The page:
Authoritarian leaders in China and elsewhere are the beneficiaries of Trump and the crisis of American democracy, said Ai, who spent four years under house arrest and forbidden to leave China before being allowed to leave the country two years ago.

“China is laughing about this situation,” he said. “China, Russia, they all laugh about it.”

When we met in Georgetown recently, I found Ai most compelling when talking about why he made the film, a “strangely beautiful” documentary, as the New York Times put it, shot in 23 countries from Asia to Africa to the Middle East and Europe over the course of a year.

It’s a call to action for Americans, he told me, and a commentary on what he sees as the breakdown of our society into a “timid” and “cowardly” and “selfish” place, one whose new role in the world is very much at odds with its self-identity as this liberal, generous nation.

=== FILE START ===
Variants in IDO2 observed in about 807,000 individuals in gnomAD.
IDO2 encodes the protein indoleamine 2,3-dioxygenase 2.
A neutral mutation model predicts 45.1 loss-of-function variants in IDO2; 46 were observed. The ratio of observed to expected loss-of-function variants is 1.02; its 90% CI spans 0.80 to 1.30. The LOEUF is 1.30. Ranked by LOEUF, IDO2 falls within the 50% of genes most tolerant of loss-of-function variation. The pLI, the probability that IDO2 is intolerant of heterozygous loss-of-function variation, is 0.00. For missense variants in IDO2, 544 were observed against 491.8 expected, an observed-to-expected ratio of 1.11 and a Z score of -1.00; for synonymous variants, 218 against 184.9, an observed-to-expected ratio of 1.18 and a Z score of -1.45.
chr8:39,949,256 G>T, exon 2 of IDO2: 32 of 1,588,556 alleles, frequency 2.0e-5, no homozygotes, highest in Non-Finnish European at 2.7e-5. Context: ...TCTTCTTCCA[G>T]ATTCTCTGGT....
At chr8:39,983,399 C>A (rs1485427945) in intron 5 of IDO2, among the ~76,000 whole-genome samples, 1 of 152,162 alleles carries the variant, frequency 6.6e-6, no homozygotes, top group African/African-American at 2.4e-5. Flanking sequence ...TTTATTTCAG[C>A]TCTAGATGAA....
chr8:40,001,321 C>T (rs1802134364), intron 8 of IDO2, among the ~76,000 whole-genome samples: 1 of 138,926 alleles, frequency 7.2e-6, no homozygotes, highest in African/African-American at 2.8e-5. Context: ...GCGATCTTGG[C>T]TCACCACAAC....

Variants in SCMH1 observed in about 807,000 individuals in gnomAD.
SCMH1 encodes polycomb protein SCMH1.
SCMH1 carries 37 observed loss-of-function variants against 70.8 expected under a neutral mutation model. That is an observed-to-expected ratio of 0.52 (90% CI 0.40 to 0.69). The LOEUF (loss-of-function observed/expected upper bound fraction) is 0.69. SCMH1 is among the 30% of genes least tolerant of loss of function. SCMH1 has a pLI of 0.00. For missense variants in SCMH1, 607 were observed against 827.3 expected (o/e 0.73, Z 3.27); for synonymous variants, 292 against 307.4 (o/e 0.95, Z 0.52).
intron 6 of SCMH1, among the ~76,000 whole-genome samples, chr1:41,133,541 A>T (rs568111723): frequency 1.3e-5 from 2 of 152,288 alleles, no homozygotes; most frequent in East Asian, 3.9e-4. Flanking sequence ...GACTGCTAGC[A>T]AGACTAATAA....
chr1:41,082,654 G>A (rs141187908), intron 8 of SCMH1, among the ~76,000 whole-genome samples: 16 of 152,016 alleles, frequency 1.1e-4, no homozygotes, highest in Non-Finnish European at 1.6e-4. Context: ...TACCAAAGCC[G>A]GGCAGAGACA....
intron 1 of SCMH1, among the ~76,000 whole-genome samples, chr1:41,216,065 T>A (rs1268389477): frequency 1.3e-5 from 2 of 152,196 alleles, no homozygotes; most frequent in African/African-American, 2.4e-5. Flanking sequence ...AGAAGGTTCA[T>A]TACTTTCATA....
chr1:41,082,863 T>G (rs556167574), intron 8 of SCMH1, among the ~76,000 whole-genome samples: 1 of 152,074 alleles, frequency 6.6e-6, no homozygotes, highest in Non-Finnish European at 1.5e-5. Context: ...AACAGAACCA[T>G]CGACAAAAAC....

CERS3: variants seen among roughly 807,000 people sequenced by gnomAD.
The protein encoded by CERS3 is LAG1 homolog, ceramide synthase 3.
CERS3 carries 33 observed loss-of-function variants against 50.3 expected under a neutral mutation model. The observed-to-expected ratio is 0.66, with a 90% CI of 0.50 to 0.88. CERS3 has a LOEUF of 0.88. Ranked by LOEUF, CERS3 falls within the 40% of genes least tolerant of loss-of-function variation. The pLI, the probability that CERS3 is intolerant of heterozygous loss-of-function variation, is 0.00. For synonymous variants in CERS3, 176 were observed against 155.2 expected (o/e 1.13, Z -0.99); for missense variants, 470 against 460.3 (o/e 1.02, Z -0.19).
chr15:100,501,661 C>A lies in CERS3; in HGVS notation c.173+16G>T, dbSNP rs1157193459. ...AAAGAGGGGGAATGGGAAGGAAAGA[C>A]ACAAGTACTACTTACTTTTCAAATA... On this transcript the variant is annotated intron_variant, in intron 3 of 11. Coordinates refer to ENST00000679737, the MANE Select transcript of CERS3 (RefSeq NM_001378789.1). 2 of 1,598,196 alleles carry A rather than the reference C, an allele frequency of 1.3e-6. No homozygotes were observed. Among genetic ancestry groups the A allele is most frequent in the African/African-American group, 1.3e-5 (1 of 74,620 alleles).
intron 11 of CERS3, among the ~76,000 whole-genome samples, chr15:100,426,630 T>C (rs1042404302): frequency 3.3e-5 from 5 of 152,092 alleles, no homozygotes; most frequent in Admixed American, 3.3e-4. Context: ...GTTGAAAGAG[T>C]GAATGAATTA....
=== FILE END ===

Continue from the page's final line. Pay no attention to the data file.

“We have to save our own soul and our own mind and our own society,” he said. [Continue reading…]

 

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Sebastian Kurz’s audacious gamble to lead Austria pays off

The Guardian reports: By handing a convincing victory to the centre-right party of 31-year-old Sebastian Kurz on Sunday, Austria rewarded one of the most audacious political gambles in its recent history.

Until Kurz was announced as a candidate for chancellor in June, his Austrian People’s party (ÖVP) had been trailing by some distance in polls behind its senior partner in the governing coalition, the centre-left SPÖ, and behind the far-right Freedom party (FPÖ).